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Articles by H Bueno
Total Records ( 3 ) for H Bueno
  I Ferreira Gonzalez , J. R Marsal , F Mitjavila , A Parada , A Ribera , P Cascant , N Soriano , P. L Sanchez , F Aros , M Heras , H Bueno , J Marrugat , J Cunat , E Civeira and G. Permanyer Miralda

Background— The risk of selection bias in registries and its consequences are relatively unexplored. We sought to assess selection bias in a recent registry about acute coronary syndrome and to explore the way of conducting and reporting patient registries of acute coronary syndrome.

Methods and Results— We analyzed data from patients of a national acute coronary syndrome registry undergoing an audit about the comprehensiveness of the recruitment/inclusion. Patients initially included by hospital investigators (n=3265) were compared to eligible nonincluded (missed) patients (n=1439). We assessed, for 25 exposure variables, the deviation of the in-hospital mortality relative risks calculated in the initial sample from the actual relative risks. Missed patients were of higher risk and received less recommended therapies than the included patients. In-hospital mortality was almost 3 times higher in the missed population (9.34% [95% CI, 7.84 to 10.85] versus 3.9% [95% CI, 2.89 to 4.92]). Initial relative risks diverged from the actual relative risks more than expected by chance (P<0.05) in 21 variables, being higher than 10% in 17 variables. This deviation persisted on a smaller degree on multivariable analysis. Additionally, we reviewed a sample of 129 patient registries focused on acute coronary syndrome published in thirteen journals, collecting information on good registry performance items. Only in 38 (29.4%) and 48 (37.2%) registries was any audit of recruitment/inclusion and data abstraction, respectively, mentioned. Only 4 (3.1%) authors acknowledged potential selection bias because of incomplete recruitment.

Conclusions— Irregular inclusion can introduce substantial systematic bias in registries. This problem has not been explicitly addressed in a substantial number of them.

  J. H Lichtman , N. P Lorenze , G D'Onofrio , J. A Spertus , S. T Lindau , T. M Morgan , J Herrin , H Bueno , J. A Mattera , P. M Ridker and H. M. Krumholz

Among individuals with ischemic heart disease, young women with an acute myocardial infarction (AMI) represent an extreme phenotype associated with an excess mortality risk. Although women younger than 55 years of age account for less than 5% of hospitalized AMI events, almost 16 000 deaths are reported annually in this group, making heart disease a leading killer of young women. Despite a higher risk of mortality compared with similarly aged men, young women have been the subject of few studies.

Methods and Results—

Variation in Recovery: Role of Gender on Outcomes of Young AMI Patients (VIRGO) is a large, observational study of the presentation, treatment, and outcomes of young women and men with AMI. VIRGO will enroll 2000 women, 18 to 55 years of age, with AMI and a comparison cohort of 1000 men with AMI from more than 100 participating hospitals. The aims of the study are to determine sex differences in the distribution and prognostic importance of biological, demographic, clinical, and psychosocial risk factors; to determine whether there are sex differences in the quality of care received by young AMI patients; and to determine how these factors contribute to sex differences in outcomes (including mortality, hospitalization, and health status). Blood serum and DNA for consenting participants will be stored for future studies.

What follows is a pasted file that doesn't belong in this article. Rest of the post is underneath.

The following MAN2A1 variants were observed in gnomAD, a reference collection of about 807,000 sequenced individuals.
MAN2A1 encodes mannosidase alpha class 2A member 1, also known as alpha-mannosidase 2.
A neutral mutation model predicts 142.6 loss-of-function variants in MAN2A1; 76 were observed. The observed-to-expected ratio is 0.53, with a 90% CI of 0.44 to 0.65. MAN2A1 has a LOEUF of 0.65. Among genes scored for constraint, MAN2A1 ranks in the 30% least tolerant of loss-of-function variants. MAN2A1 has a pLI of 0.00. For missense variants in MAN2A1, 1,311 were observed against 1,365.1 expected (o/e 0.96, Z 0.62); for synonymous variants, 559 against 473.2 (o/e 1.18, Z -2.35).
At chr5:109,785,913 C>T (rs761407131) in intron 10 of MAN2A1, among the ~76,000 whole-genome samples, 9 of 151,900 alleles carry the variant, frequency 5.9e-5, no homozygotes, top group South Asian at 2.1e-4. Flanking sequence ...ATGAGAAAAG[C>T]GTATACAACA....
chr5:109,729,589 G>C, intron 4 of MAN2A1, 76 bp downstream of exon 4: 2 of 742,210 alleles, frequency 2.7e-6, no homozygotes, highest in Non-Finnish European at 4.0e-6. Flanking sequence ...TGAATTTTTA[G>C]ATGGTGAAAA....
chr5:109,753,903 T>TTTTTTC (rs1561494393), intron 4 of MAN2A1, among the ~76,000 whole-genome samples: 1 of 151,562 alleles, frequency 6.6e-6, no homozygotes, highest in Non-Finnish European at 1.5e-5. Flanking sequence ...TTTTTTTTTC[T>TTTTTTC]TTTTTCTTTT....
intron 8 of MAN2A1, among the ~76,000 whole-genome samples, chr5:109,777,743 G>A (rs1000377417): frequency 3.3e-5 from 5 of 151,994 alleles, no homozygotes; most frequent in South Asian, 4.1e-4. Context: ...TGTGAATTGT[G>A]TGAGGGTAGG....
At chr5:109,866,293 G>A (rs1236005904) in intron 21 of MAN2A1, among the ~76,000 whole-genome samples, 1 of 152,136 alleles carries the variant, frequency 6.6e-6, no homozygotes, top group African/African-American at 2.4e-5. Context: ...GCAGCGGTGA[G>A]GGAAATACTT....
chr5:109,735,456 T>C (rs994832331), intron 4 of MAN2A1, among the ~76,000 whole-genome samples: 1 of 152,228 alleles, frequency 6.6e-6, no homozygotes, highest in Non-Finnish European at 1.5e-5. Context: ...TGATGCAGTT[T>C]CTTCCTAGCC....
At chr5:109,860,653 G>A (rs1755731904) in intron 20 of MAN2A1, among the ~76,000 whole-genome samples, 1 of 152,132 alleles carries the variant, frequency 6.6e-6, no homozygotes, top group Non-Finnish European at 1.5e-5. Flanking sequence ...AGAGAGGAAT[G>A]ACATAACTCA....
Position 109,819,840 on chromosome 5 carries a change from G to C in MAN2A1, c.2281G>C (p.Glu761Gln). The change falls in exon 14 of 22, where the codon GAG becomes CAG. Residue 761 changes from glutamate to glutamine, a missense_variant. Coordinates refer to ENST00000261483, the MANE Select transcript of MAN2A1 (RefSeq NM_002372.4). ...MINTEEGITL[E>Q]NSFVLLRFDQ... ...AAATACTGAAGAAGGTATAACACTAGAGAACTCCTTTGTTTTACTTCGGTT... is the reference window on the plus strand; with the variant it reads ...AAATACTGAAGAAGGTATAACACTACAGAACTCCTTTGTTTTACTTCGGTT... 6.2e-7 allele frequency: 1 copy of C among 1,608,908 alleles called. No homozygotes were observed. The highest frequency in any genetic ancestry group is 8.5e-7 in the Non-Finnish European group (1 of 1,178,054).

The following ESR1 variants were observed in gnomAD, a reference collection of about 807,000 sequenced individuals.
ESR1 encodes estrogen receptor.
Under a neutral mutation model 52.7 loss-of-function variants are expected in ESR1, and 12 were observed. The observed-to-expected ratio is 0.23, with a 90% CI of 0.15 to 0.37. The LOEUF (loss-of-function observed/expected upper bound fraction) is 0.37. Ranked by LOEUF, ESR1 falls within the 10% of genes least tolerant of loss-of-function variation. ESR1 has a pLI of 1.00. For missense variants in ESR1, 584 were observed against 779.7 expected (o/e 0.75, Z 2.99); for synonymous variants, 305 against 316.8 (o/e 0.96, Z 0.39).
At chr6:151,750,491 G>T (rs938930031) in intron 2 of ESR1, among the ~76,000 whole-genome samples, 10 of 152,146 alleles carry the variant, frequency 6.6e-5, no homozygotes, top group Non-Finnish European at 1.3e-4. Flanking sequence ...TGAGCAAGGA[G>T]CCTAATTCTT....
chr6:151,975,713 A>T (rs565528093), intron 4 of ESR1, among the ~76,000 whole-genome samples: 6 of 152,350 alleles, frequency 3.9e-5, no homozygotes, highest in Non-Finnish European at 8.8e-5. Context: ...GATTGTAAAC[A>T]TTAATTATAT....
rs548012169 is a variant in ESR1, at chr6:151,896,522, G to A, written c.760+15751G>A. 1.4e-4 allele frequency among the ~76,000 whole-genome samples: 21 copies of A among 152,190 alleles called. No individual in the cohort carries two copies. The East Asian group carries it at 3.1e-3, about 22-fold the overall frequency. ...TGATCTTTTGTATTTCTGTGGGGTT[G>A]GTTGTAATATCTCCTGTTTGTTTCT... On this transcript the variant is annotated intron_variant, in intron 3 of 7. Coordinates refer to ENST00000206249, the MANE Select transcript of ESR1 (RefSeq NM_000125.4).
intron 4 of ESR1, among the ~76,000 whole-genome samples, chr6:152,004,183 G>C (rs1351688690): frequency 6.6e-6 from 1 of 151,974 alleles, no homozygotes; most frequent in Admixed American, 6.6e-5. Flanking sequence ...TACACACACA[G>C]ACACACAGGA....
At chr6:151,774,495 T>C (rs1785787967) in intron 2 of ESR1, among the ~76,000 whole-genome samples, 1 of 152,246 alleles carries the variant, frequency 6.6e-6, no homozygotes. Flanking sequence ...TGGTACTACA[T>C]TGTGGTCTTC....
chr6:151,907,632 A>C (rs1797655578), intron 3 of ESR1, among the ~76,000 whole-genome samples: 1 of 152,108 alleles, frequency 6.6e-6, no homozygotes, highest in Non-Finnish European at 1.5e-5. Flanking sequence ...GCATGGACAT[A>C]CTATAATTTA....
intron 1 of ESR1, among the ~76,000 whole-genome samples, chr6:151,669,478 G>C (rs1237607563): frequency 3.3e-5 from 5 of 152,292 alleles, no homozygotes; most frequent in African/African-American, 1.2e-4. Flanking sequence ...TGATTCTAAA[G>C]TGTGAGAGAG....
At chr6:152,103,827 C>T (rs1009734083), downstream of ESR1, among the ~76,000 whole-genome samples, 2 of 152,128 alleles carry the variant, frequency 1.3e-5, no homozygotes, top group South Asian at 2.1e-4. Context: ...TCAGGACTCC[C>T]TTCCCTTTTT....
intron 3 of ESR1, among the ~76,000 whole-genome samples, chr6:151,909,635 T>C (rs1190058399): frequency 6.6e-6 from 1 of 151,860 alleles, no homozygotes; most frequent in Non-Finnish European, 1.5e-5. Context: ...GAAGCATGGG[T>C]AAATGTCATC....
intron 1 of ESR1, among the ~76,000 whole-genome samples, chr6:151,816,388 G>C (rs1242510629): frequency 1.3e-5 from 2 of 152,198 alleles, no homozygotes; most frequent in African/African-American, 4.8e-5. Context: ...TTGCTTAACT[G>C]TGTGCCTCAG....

VIRGO will seek to identify novel and prognostic factors that contribute to outcomes in this young AMI population. Results from the study will be used to develop clinically useful risk-stratification models for young AMI patients, explain sex differences in outcomes, and identify targets for intervention.

  J. S Ross , J Chen , Z Lin , H Bueno , J. P Curtis , P. S Keenan , S. L. T Normand , G Schreiner , J. A Spertus , M. T Vidan , Y Wang and H. M. Krumholz

Background— In July 2009, Medicare began publicly reporting hospitals’ risk-standardized 30-day all-cause readmission rates (RSRRs) among fee-for-service beneficiaries discharged after hospitalization for heart failure from all the US acute care nonfederal hospitals. No recent national trends in RSRRs have been reported, and it is not known whether hospital-specific performance is improving or variation in performance is decreasing.

Methods and Results— We used 2004–2006 Medicare administrative data to identify all fee-for-service beneficiaries admitted to a US acute care hospital for heart failure and discharged alive. We estimated mean annual RSRRs, a National Quality Forum-endorsed metric for quality, using 2-level hierarchical models that accounted for age, sex, and multiple comorbidities; variation in quality was estimated by the SD of the RSRRs. There were 570 996 distinct hospitalizations for heart failure in which the patient was discharged alive in 4728 hospitals in 2004, 544 550 in 4694 hospitals in 2005, and 501 234 in 4674 hospitals in 2006. Unadjusted 30-day all-cause readmission rates were virtually identical over this period: 23.0% in 2004, 23.3% in 2005, and 22.9% in 2006. The mean and SD of RSRRs were also similar: mean (SD) of 23.7% (1.3) in 2004, 23.9% (1.4) in 2005, and 23.8% (1.4) in 2006, suggesting similar hospital variation throughout the study period.

Conclusions— National mean and RSRR distributions among Medicare beneficiaries discharged after hospitalization for heart failure have not changed in recent years, indicating that there was neither improvement in hospital readmission rates nor in hospital variations in rates over this time period.

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